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World Reacts To Trump Presidential Victory

U.S. President-elect Donald Trump gives a speech during election night at the New York Hilton Midtown in New York on November 9.
U.S. President-elect Donald Trump gives a speech during election night at the New York Hilton Midtown in New York on November 9.

Reaction is coming in from around the globe to news that Donald Trump has been elected President of the United States, with the European Union reacting with caution and the Kremlin welcoming the outcome.

The Republican candidate defeated his Democratic rival Hillary Clinton to become the 45th president of the United States in an outcome few pundits or polls had predicted.

The result is raising questions about how Trump, a businessman who has never held public office or served in the military, will run the country and what Washington's role in the world will be.

In Brussels, EU foreign policy chief Federica Mogherini said the United States and European Union will continue to work together.

"EU-U.S. ties are deeper than any change in politics. We'll continue to work together, rediscovering the strength of Europe," Mogherini wrote in a tweet.

EU officials and diplomats have said European governments may need to strengthen their own cooperation if a Trump administration pulls back from international commitments.

NATO Secretary-General Jens Stoltenberg said, "U.S. leadership is as important as ever... A strong NATO is good for the United States, and good for Europe."

French Foreign Minister Ayrault said France remains an ally of the United States, adding that Paris will have to see what Trump's new policies are.

In Germany, Defense Minister Ursula von der Leyen said the result was a "huge shock," and asked whether the Pax Americana -- the peace among great powers that has been guided by the United States since World War II -- was in jeopardy.

Putin Telegram

In Moscow, Russian President Vladimir Putin congratulated Trump on his victory in a telegram early on November 9, the Kremlin said.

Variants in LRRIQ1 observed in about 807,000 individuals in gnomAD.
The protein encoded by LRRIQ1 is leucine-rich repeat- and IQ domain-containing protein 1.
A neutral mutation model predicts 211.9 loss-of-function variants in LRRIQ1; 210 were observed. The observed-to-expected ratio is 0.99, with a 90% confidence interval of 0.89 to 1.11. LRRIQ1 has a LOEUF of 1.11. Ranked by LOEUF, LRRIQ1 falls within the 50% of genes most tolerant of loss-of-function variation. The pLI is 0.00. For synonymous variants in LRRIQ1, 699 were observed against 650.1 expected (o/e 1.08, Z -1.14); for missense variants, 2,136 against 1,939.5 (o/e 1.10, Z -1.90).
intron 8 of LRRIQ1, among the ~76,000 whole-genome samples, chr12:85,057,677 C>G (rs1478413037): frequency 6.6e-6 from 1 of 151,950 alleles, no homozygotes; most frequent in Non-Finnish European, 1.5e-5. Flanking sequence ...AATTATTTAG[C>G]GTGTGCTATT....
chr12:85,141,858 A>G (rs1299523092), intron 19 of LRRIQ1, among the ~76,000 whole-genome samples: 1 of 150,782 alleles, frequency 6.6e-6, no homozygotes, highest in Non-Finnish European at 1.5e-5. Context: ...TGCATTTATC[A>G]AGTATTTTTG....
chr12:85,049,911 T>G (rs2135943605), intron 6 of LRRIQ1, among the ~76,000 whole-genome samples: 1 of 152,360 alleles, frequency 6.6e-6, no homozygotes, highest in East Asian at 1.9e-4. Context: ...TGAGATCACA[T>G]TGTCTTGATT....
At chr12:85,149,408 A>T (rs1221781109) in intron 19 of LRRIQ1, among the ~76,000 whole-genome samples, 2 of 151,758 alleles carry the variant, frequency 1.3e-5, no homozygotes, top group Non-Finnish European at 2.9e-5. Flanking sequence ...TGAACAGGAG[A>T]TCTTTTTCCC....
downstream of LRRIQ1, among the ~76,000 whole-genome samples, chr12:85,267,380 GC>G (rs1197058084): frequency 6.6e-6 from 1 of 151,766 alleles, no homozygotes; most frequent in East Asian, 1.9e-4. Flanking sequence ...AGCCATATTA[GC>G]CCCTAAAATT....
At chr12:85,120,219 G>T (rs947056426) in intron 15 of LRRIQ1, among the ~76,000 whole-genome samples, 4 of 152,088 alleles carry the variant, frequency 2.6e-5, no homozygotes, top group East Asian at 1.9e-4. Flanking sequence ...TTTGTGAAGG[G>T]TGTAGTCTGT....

"Putin expressed hope for joint work to restore Russian-American relations from their state of crisis, and also to address pressing international issues and search for effective responses to challenges concerning global security," the Kremlin said in a statement.

Putin also said he was sure a constructive dialogue between Moscow and Washington would serve the interests of both countries, according to the Kremlin.

News of Trump's election victory was welcomed elsewhere in Europe, mainly among right-wing and far-right leaders.

In Budapest, Hungarian Prime Minister Viktor Orban congratulated Trump, posting "What a great news. Democracy is still alive" on his Facebook page.

Orban said in July that Trump's plans on migration and foreign policy were "vital" for Hungary, whereas those of Clinton were "deadly."

Orban has in the past upset fellow members of the European Union over policy, most recently with his tough stance on Europe's migrant crisis, objecting to EU resettlement plans and having a fence built along Hungary's southern border.

'Aloof, Sleazy Establishment Punished'

In France, Marine Le Pen, the leader of the far-right National Front party, congratulated Trump on her Twitter account.

There were also words of congratulation for Trump from Austrian far-right leader Heinz-Christian Strache.

"The political left as well as the aloof and sleazy establishment are being punished by voters and voted out of various decision-making positions," the head of the populist Freedom Party (FPO) wrote on Facebook.

The FPO hopes for its own candidate Norbert Hofer to become the EU's first far-right head of state on December 4.

Elsewhere, Iranian Foreign Minister Javad Zarif said Trump should stay committed to the international nuclear deal with Iran.

"The United States should fulfil its commitments in the Joint Comprehensive Plan of Action [the nuclear deal] as a multilateral international agreement," Zarif was quoted as saying by the Tasnim news agency.

In Turkey, Prime Minister Binali Yildirim said Trump's victory was an opportunity to further bilateral relations.

In a speech in the capital Ankara on November 9, Yildirim said a "new page" would be opened in U.S.-Turkey relations if Washington extradited Fethullah Gulen, the U.S.-based cleric Turkey blames for orchestrating a failed coup there on July 15.

With reporting by AP and Reuters